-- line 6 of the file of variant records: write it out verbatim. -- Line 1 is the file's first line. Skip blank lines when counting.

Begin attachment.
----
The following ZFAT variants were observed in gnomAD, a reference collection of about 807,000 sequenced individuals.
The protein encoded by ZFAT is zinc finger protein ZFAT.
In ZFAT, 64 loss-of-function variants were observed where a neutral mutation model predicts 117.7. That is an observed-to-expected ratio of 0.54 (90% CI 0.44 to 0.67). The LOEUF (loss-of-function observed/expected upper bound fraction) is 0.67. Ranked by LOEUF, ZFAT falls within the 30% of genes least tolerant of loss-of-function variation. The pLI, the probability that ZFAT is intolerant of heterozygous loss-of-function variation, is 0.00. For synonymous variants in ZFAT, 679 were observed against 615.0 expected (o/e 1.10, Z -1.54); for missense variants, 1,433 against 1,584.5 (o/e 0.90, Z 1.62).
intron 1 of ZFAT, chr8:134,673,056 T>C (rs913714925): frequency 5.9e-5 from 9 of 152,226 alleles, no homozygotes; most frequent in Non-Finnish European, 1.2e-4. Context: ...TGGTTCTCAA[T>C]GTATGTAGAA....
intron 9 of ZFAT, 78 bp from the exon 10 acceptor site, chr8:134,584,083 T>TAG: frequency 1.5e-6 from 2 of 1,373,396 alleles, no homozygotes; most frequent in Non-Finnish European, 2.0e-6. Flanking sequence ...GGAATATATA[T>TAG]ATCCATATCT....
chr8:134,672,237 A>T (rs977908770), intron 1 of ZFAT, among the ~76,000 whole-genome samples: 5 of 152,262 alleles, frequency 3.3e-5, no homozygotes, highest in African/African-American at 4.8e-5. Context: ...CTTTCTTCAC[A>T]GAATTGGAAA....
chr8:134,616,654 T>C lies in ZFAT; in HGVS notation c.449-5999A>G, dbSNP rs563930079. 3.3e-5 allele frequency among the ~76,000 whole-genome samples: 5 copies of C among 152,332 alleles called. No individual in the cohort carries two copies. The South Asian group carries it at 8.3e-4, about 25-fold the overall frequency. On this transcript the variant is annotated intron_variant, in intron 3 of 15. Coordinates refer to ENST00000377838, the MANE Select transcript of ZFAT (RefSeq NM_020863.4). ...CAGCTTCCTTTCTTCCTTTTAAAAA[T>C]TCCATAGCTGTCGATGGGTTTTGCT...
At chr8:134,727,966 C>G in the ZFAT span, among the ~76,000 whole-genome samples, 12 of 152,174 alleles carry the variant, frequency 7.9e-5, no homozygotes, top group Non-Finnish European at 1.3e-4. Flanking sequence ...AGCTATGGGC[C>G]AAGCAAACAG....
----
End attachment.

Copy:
chr8:134,672,237 A>T (rs977908770), intron 1 of ZFAT, among the ~76,000 whole-genome samples: 5 of 152,262 alleles, frequency 3.3e-5, no homozygotes, highest in African/African-American at 4.8e-5. Context: ...CTTTCTTCAC[A>T]GAATTGGAAA....